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Russian President Vladimir Putin shakes hands with China's Director of the Office of the Central Foreign Affairs Commission Wang Yi during a meeting in Moscow on Feb. 22.SPUTNIK/Reuters

Just hours after abstaining from a United Nations vote on Friday calling on Russia to withdraw from Ukraine, China released a 12-point proposal to end the conflict.

There was little new in the document, however, which reiterates Beijing’s long-standing position on the war – calling for an immediate ceasefire and peace talks, as well as the dropping of sanctions against Moscow.

“Conflict and war benefit no one. All parties must stay rational and exercise restraint, avoid fanning the flames and aggravating tensions, and prevent the crisis from deteriorating further or even spiralling out of control,” China’s Foreign Affairs Ministry said in the statement. “Dialogue and negotiation are the only viable solution to the Ukraine crisis.”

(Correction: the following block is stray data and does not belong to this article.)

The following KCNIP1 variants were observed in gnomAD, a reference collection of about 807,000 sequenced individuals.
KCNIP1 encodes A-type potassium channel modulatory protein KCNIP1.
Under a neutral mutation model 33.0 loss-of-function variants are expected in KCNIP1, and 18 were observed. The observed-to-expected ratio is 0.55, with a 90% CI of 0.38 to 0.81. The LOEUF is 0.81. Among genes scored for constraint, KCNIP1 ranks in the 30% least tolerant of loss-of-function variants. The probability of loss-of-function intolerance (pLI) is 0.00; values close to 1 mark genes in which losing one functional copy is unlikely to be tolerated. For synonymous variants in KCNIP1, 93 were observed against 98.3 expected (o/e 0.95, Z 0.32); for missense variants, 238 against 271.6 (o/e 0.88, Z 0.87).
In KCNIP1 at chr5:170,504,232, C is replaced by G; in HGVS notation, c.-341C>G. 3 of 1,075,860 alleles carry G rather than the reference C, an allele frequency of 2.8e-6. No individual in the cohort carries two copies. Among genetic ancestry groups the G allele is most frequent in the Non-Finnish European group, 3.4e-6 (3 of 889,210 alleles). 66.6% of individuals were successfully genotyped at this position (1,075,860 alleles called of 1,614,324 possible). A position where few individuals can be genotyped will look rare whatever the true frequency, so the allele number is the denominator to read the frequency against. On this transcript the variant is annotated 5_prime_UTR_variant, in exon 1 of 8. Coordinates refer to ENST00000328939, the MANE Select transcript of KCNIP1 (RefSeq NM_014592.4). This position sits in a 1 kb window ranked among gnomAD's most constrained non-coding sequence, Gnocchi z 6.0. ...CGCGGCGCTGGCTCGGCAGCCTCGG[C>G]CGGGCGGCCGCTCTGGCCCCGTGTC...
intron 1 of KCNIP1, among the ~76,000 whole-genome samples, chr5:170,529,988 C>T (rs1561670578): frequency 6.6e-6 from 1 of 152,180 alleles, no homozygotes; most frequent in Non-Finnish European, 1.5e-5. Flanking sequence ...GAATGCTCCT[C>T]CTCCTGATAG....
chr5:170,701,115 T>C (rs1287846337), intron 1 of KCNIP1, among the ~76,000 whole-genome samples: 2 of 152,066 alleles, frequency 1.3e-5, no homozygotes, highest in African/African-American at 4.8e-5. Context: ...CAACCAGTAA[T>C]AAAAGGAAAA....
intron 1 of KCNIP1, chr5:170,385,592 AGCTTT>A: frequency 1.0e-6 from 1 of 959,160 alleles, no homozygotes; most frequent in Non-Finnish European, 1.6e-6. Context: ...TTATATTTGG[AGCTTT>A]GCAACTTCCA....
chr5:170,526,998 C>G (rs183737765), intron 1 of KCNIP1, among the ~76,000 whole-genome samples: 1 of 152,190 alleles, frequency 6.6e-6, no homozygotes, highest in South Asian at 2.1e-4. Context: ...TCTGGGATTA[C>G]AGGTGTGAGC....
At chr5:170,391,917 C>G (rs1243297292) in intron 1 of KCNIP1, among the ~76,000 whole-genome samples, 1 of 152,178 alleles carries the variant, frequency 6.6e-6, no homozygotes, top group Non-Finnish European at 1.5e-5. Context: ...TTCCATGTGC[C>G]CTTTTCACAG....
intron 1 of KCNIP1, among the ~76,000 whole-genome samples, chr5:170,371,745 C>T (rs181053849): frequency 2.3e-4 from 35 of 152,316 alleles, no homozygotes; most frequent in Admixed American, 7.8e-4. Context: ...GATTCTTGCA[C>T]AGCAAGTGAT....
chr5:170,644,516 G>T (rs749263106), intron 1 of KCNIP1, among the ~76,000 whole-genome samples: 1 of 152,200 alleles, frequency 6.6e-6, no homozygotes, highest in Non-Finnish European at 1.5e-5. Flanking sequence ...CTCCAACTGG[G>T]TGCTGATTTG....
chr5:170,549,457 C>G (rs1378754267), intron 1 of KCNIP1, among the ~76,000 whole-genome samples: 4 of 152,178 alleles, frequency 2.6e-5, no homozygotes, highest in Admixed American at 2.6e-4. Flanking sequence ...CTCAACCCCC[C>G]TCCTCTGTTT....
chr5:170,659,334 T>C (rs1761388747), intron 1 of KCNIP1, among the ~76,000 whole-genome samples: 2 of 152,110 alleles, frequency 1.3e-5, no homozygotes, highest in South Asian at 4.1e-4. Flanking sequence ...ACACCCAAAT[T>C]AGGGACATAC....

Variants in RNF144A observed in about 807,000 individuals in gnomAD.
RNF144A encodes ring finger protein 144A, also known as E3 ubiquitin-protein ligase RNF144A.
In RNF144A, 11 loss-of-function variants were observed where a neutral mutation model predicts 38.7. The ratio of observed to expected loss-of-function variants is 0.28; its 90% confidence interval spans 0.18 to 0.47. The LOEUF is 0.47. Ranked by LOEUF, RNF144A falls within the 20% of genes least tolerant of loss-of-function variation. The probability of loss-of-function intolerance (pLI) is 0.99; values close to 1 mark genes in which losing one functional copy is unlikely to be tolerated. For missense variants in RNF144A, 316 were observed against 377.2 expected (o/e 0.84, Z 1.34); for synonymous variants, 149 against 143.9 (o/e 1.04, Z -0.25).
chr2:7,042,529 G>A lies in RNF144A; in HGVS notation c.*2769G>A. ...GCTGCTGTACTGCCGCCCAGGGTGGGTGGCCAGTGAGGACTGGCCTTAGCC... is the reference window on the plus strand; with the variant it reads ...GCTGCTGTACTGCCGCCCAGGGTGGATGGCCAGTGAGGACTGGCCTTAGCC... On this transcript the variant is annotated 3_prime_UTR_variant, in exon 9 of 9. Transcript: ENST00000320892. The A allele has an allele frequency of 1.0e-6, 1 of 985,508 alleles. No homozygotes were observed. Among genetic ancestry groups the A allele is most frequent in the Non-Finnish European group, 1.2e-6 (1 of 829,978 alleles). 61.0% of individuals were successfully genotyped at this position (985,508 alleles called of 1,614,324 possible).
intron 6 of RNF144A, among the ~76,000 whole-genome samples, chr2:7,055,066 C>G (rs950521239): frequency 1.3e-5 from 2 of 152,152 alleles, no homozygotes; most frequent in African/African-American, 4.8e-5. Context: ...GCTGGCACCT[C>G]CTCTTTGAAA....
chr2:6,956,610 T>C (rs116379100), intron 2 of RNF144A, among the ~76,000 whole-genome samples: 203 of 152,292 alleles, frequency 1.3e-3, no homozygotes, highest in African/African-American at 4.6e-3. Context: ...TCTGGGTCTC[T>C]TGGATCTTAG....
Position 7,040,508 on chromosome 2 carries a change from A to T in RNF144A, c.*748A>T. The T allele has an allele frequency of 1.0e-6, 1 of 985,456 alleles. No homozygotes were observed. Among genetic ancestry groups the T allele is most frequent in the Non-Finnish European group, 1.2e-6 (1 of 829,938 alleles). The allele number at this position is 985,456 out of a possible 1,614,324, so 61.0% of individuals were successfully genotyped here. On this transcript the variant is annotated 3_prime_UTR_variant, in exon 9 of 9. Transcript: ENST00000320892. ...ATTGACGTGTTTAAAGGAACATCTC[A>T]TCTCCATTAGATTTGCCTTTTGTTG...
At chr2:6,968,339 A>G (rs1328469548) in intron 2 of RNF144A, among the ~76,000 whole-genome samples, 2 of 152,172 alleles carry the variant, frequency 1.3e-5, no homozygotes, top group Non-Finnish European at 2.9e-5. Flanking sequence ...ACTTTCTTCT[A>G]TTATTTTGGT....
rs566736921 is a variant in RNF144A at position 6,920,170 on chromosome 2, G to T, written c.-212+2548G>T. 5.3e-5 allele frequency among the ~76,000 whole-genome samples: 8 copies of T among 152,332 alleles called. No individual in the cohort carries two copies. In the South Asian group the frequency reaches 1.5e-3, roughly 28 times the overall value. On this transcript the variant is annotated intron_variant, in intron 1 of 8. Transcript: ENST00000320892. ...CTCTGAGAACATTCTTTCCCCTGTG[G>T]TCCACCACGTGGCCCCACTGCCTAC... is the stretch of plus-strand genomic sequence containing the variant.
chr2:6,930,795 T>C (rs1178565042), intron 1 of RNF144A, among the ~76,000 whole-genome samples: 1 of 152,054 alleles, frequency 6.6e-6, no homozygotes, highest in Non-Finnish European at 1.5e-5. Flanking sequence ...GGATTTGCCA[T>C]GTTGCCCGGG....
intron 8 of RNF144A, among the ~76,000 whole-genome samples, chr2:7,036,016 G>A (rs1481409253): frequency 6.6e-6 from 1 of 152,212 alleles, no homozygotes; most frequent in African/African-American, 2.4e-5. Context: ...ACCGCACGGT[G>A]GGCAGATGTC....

Such rhetoric has not stopped China from providing diplomatic and economic support to Russia over the past year. Beijing’s top diplomat, Wang Yi, met with Russian President Vladimir Putin in Moscow this week in what was framed by the Kremlin as a show of solidarity.

The paper also noted that the “legitimate security interests and concerns of all countries must be taken seriously and addressed properly,” a reference to Russia’s justification for the war – that it is under threat from an increasingly expansionist NATO – and nodded to conspiracy theories pushed by the Kremlin about supposed U.S. bioweapon labs in Ukraine.

“No one who reads this can come away with the idea that China is in any way a neutral mediator,” Manoj Kewalramani, a China studies fellow at the Bangalore-based Takshashila Institution, wrote in an analysis. “The concerns reflected in this document are around escalation and spillover effects … rather than the war itself.”

At a briefing in Beijing, Ukraine’s chargé d’affaires, Zhanna Leshchynska, called the paper “a good sign” but said she expects China to “urge Russia to stop the war and withdraw its troops.”